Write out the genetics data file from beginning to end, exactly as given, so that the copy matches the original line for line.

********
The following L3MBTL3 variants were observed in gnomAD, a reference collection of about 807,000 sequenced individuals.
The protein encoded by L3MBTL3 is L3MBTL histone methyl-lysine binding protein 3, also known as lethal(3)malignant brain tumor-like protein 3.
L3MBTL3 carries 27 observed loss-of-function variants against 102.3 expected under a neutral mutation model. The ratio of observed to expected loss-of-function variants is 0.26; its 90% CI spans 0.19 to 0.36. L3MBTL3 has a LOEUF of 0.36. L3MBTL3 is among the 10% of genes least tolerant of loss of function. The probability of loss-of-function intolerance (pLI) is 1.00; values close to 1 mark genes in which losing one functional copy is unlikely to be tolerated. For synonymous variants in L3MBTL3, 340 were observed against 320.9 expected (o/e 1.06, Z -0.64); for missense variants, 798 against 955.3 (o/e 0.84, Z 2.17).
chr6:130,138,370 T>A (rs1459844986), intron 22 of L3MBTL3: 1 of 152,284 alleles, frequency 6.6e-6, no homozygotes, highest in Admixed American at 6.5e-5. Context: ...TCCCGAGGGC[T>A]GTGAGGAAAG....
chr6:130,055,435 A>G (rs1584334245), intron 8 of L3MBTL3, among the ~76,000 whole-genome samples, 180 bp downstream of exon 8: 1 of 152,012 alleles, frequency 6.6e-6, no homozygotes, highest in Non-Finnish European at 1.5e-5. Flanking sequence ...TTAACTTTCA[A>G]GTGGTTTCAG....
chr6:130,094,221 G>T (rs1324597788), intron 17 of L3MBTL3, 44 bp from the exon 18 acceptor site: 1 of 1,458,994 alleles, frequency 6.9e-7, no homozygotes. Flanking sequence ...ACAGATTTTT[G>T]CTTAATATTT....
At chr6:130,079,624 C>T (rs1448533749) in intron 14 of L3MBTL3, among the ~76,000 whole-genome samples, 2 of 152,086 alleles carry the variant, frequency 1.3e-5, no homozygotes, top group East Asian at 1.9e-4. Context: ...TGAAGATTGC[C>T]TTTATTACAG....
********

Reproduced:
The following L3MBTL3 variants were observed in gnomAD, a reference collection of about 807,000 sequenced individuals.
The protein encoded by L3MBTL3 is L3MBTL histone methyl-lysine binding protein 3, also known as lethal(3)malignant brain tumor-like protein 3.
L3MBTL3 carries 27 observed loss-of-function variants against 102.3 expected under a neutral mutation model. The ratio of observed to expected loss-of-function variants is 0.26; its 90% CI spans 0.19 to 0.36. L3MBTL3 has a LOEUF of 0.36. L3MBTL3 is among the 10% of genes least tolerant of loss of function. The probability of loss-of-function intolerance (pLI) is 1.00; values close to 1 mark genes in which losing one functional copy is unlikely to be tolerated. For synonymous variants in L3MBTL3, 340 were observed against 320.9 expected (o/e 1.06, Z -0.64); for missense variants, 798 against 955.3 (o/e 0.84, Z 2.17).
chr6:130,138,370 T>A (rs1459844986), intron 22 of L3MBTL3: 1 of 152,284 alleles, frequency 6.6e-6, no homozygotes, highest in Admixed American at 6.5e-5. Context: ...TCCCGAGGGC[T>A]GTGAGGAAAG....
chr6:130,055,435 A>G (rs1584334245), intron 8 of L3MBTL3, among the ~76,000 whole-genome samples, 180 bp downstream of exon 8: 1 of 152,012 alleles, frequency 6.6e-6, no homozygotes, highest in Non-Finnish European at 1.5e-5. Flanking sequence ...TTAACTTTCA[A>G]GTGGTTTCAG....
chr6:130,094,221 G>T (rs1324597788), intron 17 of L3MBTL3, 44 bp from the exon 18 acceptor site: 1 of 1,458,994 alleles, frequency 6.9e-7, no homozygotes. Flanking sequence ...ACAGATTTTT[G>T]CTTAATATTT....
At chr6:130,079,624 C>T (rs1448533749) in intron 14 of L3MBTL3, among the ~76,000 whole-genome samples, 2 of 152,086 alleles carry the variant, frequency 1.3e-5, no homozygotes, top group East Asian at 1.9e-4. Context: ...TGAAGATTGC[C>T]TTTATTACAG....